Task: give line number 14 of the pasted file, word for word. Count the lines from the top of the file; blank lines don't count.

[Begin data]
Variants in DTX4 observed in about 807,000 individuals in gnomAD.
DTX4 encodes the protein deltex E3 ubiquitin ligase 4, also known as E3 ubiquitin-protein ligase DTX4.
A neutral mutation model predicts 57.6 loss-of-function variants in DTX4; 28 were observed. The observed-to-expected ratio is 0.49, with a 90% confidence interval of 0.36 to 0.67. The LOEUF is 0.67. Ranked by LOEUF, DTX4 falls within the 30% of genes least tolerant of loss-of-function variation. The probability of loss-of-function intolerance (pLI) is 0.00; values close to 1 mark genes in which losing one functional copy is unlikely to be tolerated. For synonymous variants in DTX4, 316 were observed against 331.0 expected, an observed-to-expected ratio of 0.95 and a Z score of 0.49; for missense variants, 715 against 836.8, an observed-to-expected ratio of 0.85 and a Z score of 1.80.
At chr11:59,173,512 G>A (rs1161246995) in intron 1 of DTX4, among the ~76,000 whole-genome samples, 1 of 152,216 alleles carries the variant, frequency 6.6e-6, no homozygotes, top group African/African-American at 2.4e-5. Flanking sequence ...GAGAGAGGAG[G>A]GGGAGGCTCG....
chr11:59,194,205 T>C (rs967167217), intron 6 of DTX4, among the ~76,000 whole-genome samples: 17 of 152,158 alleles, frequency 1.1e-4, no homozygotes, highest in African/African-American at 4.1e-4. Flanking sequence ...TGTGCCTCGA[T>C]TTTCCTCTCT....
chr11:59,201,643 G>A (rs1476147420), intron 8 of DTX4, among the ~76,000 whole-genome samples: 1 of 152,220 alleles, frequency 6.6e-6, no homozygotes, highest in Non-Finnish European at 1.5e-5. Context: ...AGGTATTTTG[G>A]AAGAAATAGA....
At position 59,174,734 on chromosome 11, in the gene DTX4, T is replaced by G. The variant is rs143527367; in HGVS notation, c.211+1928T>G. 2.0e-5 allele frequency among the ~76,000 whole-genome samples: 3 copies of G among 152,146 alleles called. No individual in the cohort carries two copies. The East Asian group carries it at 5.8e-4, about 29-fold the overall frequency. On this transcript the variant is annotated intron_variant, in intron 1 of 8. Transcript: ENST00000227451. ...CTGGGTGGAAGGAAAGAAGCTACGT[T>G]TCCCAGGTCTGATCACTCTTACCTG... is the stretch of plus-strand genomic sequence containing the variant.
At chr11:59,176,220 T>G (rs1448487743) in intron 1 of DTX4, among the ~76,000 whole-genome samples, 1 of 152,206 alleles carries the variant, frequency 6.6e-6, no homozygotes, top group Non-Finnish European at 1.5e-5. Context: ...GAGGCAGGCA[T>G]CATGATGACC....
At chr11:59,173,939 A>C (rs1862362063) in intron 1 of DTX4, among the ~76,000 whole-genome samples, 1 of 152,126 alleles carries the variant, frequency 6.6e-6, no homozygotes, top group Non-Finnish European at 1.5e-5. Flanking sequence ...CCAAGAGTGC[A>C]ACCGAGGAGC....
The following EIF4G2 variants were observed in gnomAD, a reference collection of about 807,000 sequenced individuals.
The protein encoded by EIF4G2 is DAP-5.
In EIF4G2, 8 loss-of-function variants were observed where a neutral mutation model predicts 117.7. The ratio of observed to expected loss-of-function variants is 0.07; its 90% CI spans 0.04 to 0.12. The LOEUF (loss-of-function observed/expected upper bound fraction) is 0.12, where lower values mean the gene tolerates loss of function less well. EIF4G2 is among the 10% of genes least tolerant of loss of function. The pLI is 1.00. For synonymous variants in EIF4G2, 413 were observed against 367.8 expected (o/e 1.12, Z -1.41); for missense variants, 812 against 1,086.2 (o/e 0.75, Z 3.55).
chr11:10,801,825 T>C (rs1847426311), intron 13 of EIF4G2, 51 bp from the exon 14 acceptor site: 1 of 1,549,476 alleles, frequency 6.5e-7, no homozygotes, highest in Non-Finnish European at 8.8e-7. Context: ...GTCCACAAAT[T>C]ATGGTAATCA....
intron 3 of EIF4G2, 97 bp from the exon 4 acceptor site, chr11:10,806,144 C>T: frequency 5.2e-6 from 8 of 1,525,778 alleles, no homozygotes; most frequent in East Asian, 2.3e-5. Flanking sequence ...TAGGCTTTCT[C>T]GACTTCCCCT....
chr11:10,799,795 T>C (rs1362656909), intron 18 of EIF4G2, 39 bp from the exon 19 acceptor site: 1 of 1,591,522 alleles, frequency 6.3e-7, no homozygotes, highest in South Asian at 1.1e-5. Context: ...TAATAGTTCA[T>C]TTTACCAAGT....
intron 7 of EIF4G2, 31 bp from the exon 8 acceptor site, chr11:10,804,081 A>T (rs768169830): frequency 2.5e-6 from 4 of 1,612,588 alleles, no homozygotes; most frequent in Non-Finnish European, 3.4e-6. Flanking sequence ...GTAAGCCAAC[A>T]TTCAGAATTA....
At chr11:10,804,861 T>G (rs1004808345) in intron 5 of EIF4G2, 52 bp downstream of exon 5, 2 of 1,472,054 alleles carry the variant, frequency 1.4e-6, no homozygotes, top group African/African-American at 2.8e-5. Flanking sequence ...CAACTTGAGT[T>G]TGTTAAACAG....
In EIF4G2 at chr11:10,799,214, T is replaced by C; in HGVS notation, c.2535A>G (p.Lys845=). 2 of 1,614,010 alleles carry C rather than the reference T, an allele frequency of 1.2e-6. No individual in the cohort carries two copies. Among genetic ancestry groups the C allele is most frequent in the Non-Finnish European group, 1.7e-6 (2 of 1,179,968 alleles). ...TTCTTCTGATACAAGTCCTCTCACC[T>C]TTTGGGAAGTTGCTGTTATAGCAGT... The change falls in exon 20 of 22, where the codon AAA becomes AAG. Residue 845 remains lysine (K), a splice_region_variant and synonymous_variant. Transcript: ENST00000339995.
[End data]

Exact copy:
intron 3 of EIF4G2, 97 bp from the exon 4 acceptor site, chr11:10,806,144 C>T: frequency 5.2e-6 from 8 of 1,525,778 alleles, no homozygotes; most frequent in East Asian, 2.3e-5. Flanking sequence ...TAGGCTTTCT[C>T]GACTTCCCCT....